With the iPhone X, Apple opted for face recognition and authentication.
The iPhone X ditched fingerprint authentication, or Touch ID as the company refers to it.
A new Apple patent reveals that Face ID could come to other products as well.
One of the most interesting highlights and innovations of this year has got to be the iPhone X. A great deal of that innovation has been implemented to put Face ID together. It comprises a complex mechanism that involves blasting your face with 30,000 infrared dots to detect depth, contours and mapping your facial identity to authenticate you. Also Read - Meet Indian developer who wins Apple Design award for his music app NaadSadhanaAlso Read - iPad Mini for 2021 to ditch fat bezels, could bring along new Apple Pencil Mini
With the implementation of Face ID, Apple has managed to leapfront beyond its fingerprint recognition feature – Touch ID. We now see the possibility of Face ID going a step further, and seeings itself implemented in the wider Apple product range. If a report by AppleWorld Today is something to go by, then Apple seems to have landed itself a patent that could see Face ID coming to the Macs and iPads soon. Also Read - iOS 4 is now available again on modern iPhones, complete with Home button: How to get it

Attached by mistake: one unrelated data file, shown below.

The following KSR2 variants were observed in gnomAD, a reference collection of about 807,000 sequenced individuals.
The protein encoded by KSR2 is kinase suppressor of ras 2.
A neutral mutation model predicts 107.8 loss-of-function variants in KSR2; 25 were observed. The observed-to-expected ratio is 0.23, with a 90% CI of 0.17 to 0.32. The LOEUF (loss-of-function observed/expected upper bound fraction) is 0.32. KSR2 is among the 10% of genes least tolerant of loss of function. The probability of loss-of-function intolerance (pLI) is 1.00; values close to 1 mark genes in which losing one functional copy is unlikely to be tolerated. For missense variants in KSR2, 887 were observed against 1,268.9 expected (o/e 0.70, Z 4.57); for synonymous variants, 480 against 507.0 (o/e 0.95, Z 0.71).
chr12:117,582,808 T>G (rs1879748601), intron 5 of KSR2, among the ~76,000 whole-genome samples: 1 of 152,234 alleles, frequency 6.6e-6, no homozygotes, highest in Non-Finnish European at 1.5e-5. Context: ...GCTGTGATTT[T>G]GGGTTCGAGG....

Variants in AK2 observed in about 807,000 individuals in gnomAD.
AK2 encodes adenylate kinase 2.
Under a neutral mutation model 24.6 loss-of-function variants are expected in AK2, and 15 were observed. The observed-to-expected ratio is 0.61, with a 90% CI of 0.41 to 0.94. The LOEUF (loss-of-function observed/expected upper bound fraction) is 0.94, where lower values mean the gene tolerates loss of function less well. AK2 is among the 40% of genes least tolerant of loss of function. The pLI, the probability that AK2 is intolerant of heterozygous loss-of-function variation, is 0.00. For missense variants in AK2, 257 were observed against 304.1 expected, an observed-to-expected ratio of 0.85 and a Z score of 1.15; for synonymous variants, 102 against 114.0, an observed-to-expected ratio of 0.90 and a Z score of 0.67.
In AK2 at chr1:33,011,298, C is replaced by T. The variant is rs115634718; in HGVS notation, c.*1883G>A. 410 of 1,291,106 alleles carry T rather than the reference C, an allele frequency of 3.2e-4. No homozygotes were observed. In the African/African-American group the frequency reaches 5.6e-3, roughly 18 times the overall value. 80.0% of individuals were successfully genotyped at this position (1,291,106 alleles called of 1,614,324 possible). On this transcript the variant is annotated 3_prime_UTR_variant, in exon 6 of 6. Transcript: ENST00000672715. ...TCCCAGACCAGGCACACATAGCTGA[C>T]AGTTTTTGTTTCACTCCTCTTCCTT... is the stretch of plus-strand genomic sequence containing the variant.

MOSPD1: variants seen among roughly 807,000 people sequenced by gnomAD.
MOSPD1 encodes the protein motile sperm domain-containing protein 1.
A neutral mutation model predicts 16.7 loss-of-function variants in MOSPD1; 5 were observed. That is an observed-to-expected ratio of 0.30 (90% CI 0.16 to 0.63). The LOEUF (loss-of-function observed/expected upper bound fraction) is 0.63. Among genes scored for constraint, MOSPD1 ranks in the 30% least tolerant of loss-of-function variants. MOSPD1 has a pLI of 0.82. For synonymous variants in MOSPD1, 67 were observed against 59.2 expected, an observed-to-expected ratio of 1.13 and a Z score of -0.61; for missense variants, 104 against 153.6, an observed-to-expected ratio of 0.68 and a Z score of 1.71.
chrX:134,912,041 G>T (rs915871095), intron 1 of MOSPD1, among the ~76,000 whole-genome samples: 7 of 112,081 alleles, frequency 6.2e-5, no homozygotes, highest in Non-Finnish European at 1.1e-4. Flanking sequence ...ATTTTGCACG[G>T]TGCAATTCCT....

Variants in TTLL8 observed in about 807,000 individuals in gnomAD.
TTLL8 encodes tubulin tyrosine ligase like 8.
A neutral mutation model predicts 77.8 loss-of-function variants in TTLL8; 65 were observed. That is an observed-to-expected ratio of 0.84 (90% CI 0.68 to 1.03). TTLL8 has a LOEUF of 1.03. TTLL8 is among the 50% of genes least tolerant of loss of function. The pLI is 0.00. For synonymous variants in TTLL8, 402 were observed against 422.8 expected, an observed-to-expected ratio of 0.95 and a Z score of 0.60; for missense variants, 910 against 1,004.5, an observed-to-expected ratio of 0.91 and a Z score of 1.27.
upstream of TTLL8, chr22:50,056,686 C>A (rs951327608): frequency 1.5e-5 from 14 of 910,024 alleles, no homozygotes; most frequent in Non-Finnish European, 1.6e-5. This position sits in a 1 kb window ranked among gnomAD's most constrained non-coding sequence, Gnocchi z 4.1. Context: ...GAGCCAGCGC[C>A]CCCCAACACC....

The official patent document sets the context by describing the presence of light sources, light detectors, and image sensors in an electronic device. It goes on to say that the ‘light-based components may be aligned with a window in the device.’ This could be a reference to the infamous notch found on the iPhone X. This possibility is reinforced by the description that the ‘window may be formed within an inactive border region of a display or within other device structures.’
Things get interesting, since the patent hints at the use of chalcogenide glass for the notch to block out visible light, which is understandable. But it also describes that the notch (which it refers to as a window) could have ‘an opaque appearance that matches the opaque appearance of surrounding portions of the inactive portion of the display while simultaneously allowing infrared light such as light in a region of wavelengths between 5 and 14 microns or other suitable infrared light to pass to infrared light sensors aligned with the window.’
This could precisely be what we needed all along. A true bezel-less device – whether it’s the iPhone, iPad, iMac or MacBook – without a notch that’s in your face.
In July, we read about face detection coming to the Mac lineup of Apple computers. Since the computing device can now detect the presence of a user in the vicinity, it also opens up the possibility of customized settings based on the environment, much like specific TrueTone settings based on who’s around the device.
The patent document further reveals that ‘infrared detectors such as thermopile and pyroelectric detectors may be used to monitor for the presence of a user in the vicinity of the electronic device while consuming small amounts of power.’ It also talks about fresnel lenses or other light directing structures being used to direct light to infrared detectors. Lastly, the document describes the possibility of a visible light camera or similar component could be activated once the presence of a user is detected